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Looking for something Japan-related to read under the kotatsu heater as you hunker down at home? Here are some ideas:

  • In “Tokyo Ueno Station,” the narrator is a dead construction worker whose spirit loiters around homeless camps, where he and others who had fallen down the socioeconomic ladder spent their final living years. The New York Times’ Motoko Rich spoke to author Yu Miri about how growing up as an ethnic Korean “on the edge of society” helped inspire her to write the award-winning book.
  • Rakuko Rubin’s “Love Child,” a collection of short stories that traverse bicultural themes and universal mileposts in life, was translated by her husband, Jay Rubin. The stories span over 20 years of output, and are collected in this book in both English and the original Japanese, notes Kris Kosaka.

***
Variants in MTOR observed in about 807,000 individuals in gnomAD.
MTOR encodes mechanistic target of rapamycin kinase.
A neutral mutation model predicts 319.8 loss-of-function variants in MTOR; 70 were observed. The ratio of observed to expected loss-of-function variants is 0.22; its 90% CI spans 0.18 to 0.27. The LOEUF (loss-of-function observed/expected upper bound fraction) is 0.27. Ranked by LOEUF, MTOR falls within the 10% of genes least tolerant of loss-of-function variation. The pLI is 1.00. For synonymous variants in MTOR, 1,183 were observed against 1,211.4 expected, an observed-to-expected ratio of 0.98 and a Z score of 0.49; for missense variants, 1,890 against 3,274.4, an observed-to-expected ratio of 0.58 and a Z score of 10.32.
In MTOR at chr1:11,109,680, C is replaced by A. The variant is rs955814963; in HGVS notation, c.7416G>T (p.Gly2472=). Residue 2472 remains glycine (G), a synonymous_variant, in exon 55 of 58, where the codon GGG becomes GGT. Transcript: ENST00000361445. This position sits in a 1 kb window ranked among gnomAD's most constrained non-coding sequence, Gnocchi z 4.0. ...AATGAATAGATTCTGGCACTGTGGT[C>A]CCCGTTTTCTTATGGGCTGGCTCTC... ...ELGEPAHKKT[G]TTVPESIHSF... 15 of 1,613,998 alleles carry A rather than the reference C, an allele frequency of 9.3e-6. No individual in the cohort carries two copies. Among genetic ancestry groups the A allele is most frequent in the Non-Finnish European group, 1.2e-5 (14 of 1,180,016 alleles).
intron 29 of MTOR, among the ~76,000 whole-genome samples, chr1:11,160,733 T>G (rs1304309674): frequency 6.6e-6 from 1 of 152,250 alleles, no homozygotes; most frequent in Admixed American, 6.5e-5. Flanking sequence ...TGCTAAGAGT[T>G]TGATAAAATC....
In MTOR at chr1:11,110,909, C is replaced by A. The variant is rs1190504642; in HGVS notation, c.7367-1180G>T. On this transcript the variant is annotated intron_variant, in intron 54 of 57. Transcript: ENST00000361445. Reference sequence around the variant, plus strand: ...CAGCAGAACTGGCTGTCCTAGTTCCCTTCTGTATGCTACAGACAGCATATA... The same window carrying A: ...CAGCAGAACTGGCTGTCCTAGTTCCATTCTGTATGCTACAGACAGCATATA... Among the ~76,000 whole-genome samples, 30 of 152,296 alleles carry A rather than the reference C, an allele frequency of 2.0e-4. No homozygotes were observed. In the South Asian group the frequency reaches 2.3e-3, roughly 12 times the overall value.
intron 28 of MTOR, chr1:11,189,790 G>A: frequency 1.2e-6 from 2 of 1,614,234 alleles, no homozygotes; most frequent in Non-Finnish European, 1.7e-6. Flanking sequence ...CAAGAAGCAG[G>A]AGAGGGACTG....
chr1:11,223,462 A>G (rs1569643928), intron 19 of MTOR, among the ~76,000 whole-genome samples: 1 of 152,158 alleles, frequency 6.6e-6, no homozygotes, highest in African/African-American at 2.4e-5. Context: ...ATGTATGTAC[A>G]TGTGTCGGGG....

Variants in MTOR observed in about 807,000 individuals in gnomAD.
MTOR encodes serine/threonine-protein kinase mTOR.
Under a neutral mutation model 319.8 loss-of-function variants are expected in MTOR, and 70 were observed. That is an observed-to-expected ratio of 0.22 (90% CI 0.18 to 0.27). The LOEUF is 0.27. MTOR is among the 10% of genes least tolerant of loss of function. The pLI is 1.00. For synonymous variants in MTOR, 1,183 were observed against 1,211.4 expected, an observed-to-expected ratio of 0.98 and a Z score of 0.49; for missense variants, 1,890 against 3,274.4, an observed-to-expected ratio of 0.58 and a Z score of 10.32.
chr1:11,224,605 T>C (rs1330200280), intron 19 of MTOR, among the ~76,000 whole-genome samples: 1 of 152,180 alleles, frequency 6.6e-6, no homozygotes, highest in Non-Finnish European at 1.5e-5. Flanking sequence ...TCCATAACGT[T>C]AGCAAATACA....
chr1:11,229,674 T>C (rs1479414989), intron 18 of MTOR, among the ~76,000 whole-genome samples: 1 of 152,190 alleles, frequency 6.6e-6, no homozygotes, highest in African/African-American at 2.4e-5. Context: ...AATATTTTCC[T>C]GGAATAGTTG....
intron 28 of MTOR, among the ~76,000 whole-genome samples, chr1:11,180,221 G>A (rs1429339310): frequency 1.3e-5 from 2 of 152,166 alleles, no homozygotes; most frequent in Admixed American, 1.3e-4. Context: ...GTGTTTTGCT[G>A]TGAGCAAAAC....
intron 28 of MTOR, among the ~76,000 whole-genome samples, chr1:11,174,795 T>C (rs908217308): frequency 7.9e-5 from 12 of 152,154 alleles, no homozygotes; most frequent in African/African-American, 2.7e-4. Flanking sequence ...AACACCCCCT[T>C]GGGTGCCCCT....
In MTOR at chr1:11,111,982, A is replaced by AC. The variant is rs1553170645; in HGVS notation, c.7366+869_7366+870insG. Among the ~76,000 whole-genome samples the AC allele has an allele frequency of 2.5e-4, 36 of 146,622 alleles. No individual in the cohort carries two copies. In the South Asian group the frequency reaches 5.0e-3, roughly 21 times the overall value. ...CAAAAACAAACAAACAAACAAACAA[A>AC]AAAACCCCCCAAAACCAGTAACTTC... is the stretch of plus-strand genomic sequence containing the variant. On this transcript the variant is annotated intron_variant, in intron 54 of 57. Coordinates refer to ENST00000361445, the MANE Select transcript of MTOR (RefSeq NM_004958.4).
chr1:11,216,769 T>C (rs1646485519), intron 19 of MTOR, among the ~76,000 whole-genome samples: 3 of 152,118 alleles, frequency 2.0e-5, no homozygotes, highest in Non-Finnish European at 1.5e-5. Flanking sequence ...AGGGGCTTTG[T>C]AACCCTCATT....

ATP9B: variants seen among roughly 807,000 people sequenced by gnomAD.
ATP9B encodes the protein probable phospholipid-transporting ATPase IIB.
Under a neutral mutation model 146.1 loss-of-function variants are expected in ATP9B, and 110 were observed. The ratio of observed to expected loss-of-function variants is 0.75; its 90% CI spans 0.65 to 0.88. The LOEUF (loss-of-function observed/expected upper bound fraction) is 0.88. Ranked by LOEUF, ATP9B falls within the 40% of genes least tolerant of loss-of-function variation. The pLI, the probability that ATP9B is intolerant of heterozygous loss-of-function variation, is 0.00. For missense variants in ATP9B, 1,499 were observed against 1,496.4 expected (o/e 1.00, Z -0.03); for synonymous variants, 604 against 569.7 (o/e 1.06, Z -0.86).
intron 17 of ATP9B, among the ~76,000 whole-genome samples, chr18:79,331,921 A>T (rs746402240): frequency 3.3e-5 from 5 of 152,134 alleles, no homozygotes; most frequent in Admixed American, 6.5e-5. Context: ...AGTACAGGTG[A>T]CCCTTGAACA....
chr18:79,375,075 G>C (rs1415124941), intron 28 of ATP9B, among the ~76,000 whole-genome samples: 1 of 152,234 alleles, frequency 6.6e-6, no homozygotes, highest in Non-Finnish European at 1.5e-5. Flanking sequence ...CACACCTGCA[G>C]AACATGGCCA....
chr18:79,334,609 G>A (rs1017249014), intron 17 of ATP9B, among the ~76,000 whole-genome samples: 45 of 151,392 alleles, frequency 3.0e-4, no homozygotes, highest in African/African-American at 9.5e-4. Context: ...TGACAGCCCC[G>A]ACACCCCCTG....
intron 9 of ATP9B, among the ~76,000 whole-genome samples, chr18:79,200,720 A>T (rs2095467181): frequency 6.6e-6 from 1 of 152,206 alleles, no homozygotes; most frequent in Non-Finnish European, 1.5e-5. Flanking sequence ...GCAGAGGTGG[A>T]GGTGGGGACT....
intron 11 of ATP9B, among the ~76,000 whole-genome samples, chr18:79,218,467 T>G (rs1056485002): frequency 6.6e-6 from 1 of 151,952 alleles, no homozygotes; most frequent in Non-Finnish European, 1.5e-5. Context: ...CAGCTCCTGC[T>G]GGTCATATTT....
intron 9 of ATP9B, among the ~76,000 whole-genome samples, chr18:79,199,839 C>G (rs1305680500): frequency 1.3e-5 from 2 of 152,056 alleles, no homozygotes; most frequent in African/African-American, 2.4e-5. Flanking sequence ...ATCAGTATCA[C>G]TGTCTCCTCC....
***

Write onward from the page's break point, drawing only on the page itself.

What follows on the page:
AAWW at Home with Yu Miri | ASIAN AMERICAN WRITERS' WORKSHOP
AAWW at Home with Yu Miri | ASIAN AMERICAN WRITERS’ WORKSHOP
  • Allison Alexy’s “Intimate Disconnections” is an absorbing study of Japanese attitudes toward dissolving marriages, writes Nicolas Gattig. Alexy lived in Tokyo, conducting interviews with divorcees and sitting in on support groups about “family problems.” The result is a book that helps us understand a society moving away from equating marriage with normalcy.
  • A mix of introspection and encounter-based travel writing, Cathy N. Davidson’s memoir “36 Views of Mount Fuji” is a thoughtful and compelling account of a woman gaining a deeper understanding of herself and Japan through her travels, writes Stephen Mansfield.
  • To mark the new year, Iain Maloney teases readers with a selection of intriguing titles due for publication in the next 12 months, with new English translations of books by Haruki Murakami and Mieko Kawakami coming down the pipe, not to mention journalist Shiori Ito’s highly anticipated account of the ordeal she endured after accusing a senior colleague of rape, and fiction from David Peace.

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